The day of my debut as a writer, I sat at my typewriter for a long time, mulling over these thoughts. Inevitably, writing my first story meant taking my first step toward Heaven or Hell, and that made me vacillate between a state of euphoria and depression. It was as if I were about to be born, peering timidly through the doors of Limbo. If my voice rings false or my will fails me, I said to myself, all my sacrifices will have been in vain. I will foolishly have given up the protection which, despite its disadvantages, at least allowed me to be a good wife and mother, and I will justly have fallen from the frying pan into the fire.

Recommended Reading: Rosario Ferré’s short story, The Youngest Doll, from the collection of the same name

Milkman, p. 39

Three sons are abandoned by their parents. It happens this way:

  • They had written a note, said the neighbours, but had forgotten to leave it; indeed primarily they had forgotten to write it and so had written it then forwarded it back from their undisclosed destination when they reached it, not deliberately undisclosed but because they hadn’t time or memory or understanding to put a sender’s address at the top. According to the postmark it was not just a country over a water, but a country over many, many waters. Also, they forgot their former address, the house they’d lived in for twenty-four years ever since getting married until twenty-four hours earlier when they left.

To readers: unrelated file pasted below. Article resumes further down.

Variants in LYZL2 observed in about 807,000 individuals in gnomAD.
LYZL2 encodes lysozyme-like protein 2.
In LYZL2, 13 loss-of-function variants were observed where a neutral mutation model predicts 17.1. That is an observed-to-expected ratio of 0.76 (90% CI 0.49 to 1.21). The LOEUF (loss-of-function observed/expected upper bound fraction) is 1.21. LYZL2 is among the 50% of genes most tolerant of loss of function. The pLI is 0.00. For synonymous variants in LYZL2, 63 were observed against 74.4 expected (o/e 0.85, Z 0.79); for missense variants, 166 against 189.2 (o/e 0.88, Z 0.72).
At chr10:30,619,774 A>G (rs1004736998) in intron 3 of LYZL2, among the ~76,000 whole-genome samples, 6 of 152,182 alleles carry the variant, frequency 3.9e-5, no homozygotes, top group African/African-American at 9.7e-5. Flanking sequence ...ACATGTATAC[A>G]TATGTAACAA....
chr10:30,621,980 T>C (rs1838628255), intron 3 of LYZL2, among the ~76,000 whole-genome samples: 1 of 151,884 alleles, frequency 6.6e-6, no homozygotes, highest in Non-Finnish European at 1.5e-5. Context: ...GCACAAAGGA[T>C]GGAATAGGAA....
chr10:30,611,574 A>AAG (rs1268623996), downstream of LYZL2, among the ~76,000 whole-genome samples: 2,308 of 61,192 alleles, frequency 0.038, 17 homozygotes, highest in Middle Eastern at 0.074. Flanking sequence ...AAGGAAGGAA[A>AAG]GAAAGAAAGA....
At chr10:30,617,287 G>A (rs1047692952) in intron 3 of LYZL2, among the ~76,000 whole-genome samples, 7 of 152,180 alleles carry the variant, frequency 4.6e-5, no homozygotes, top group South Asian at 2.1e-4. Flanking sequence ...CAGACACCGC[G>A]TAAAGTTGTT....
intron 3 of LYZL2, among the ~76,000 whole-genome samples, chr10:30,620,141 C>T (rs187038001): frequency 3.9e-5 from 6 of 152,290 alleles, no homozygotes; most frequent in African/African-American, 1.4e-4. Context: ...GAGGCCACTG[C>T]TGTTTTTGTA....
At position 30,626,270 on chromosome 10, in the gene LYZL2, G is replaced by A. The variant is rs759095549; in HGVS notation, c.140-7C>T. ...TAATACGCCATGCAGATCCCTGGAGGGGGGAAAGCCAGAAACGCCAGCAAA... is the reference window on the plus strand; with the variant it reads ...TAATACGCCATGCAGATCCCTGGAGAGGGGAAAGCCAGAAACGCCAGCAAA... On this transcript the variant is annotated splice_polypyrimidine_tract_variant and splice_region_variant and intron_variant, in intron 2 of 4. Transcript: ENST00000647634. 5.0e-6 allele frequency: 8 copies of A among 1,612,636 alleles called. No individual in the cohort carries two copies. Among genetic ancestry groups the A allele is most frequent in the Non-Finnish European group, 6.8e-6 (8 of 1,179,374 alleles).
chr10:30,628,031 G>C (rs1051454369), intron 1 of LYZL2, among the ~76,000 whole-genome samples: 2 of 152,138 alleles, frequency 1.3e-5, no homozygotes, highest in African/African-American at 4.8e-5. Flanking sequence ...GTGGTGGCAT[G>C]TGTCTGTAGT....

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Self: Guilt is a country. Sometimes in order to go forward, one must have a memory wipe.

Stay tuned, dear blog readers. Stay tuned.

A Cousin’s Farm, Oliva Dos, near the town of Murcia in the Central Philippines

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Near Murcia, Negros Occidental, the Philippines

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Path cleared for a tractor, Oliva Dos, near Murcia

Self lived the first 20 years of her life without knowing there was another Murcia. In Spain.

Stay tuned, dear blog readers. Stay tuned.

CHARLIE CHAN IS DEAD, Vol. 1

For the workshop this weekend, re-reading some old stories to show different ways of writing memoir. In particular, thinking of a story called Lenox Hill, December 1991, which Jessica Hagedorn included in the anthology Charlie Chan is Dead.

When Jessica contacted self to solicit a piece, self had nothing, nothing, nothing.

Her sister had died just the month before. She did keep a diary, though.

The diary became the story. The first story in what later become a cycle of grief stories: Mayor of the Roses (Miami University Press)

For a while, a course called Ethics in Medicine, taught at the University of Pennsylvania Medical School, included the story in their syllabus.

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Stay tuned, dear blog readers. Stay tuned.